Transfers from one ICU to another ICU are associated with an increased length of stay in the ICU and the hospital. Inter-hospital ICU transfers occur for three main reasons: clinical transfers, capacity transfers and repatriations.
A study was conducted to show that different ICU transfers differ in risk-adjusted mortality rate. The primary endpoint of the study was survival to 30 days. The secondary endpoint included survival at 180 days after discharge from the first ICU. 75 ICUs in the Swedish Intensive Care Register were used for the analysis and included adult patients admitted to the ICU and subsequently discharged by transfer to another ICU.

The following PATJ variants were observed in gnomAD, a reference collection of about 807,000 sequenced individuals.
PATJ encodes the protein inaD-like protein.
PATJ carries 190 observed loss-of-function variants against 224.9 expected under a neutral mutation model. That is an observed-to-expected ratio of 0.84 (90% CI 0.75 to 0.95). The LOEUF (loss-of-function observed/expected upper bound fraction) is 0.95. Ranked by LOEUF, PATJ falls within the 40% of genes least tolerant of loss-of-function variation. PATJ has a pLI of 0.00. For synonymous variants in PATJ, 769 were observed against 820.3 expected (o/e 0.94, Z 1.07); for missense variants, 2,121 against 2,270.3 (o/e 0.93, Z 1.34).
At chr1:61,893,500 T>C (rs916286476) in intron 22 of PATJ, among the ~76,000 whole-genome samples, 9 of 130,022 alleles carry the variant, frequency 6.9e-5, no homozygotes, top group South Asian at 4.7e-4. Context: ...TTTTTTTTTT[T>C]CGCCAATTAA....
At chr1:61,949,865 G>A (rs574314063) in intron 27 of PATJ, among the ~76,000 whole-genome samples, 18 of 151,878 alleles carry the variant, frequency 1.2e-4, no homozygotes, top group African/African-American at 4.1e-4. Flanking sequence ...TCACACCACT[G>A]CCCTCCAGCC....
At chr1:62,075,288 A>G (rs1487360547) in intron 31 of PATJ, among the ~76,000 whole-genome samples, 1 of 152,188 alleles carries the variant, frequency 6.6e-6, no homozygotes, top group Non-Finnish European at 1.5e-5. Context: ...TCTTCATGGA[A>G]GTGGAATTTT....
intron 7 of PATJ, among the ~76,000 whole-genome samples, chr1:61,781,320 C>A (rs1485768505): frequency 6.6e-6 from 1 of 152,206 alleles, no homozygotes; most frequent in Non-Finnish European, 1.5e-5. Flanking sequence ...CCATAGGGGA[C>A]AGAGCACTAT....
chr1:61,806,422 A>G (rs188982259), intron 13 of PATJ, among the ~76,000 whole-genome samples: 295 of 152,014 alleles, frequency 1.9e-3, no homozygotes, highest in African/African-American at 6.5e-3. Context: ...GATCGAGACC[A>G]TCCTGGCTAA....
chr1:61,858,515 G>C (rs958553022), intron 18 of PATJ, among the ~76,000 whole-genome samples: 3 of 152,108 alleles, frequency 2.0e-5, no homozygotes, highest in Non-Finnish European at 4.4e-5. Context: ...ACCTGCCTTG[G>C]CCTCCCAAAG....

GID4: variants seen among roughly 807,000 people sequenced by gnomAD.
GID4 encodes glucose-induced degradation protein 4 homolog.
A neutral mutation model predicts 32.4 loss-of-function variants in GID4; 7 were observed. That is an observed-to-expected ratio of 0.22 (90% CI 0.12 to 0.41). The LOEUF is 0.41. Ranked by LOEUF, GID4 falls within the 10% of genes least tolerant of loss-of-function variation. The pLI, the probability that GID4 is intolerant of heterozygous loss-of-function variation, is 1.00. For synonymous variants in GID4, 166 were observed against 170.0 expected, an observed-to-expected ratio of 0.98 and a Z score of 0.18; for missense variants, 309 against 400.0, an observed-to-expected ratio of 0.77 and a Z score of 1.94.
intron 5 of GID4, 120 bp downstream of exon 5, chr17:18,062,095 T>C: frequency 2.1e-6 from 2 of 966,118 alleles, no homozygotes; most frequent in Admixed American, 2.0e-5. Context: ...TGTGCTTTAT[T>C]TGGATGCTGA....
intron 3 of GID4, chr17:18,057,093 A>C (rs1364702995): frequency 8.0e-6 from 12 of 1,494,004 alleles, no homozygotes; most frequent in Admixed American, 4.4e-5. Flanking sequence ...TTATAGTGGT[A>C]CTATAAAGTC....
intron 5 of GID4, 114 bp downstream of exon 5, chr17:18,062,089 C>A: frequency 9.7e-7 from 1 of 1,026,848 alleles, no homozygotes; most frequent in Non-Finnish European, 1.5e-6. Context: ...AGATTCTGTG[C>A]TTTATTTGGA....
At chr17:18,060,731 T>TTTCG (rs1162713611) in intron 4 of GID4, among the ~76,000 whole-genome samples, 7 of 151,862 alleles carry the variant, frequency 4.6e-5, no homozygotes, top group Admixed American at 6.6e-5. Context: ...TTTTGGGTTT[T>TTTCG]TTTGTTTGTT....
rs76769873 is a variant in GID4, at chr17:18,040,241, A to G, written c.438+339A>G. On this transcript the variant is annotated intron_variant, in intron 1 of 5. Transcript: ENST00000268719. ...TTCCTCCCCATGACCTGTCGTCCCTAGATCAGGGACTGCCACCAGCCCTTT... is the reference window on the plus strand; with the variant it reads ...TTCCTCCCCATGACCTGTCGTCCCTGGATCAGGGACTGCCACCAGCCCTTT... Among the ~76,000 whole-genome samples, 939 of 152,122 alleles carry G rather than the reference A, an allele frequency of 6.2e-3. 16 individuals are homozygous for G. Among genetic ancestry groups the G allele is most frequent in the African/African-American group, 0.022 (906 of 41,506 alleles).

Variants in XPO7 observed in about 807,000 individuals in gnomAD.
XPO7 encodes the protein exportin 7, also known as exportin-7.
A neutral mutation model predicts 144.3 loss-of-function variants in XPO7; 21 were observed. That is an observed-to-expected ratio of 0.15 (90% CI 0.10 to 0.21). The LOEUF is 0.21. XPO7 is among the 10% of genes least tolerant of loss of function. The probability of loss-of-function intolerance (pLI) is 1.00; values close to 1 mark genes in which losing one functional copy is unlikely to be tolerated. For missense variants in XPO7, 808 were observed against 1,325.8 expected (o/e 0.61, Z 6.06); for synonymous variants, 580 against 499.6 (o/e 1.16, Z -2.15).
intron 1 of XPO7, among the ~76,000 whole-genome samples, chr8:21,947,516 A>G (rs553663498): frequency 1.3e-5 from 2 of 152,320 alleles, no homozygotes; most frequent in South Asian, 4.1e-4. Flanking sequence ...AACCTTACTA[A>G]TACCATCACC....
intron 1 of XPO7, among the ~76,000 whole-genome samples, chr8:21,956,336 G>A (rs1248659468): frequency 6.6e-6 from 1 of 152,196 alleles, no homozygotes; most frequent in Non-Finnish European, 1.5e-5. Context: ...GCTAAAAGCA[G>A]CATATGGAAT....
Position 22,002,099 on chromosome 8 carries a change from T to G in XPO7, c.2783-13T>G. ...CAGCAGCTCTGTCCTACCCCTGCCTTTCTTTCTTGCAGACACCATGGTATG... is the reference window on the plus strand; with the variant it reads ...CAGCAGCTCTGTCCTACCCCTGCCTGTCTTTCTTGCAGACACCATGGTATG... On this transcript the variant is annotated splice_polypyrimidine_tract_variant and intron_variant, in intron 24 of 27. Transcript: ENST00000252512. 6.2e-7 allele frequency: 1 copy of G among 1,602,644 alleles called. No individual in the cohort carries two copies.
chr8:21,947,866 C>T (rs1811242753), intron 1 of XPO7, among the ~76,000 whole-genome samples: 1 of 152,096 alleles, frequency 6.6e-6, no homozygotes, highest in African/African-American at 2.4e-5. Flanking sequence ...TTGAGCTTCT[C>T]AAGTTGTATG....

Transfers were grouped into three categories: clinical transfer, capacity transfer and repatriation. Fifteen thousand five hundred eighty-eight transfers were identified among 112,860 admissions. The majority of transfers were clinical (62.7%), followed by repatriations (21.5%) and capacity transfers (15.8%).
Findings show that unadjusted 30-day mortality was 25% among capacity transfers compared to 14.5% and 16.2% for clinical transfers and repatriations. 30-day mortality was 1.25 for capacity transfers and 1.17 for clinical transfers among using repatriation as a reference.
Overall, study findings show a large proportion of ICU-to-ICU transfers and an increased loss of dying for those transferred due to other reasons than repatriation.
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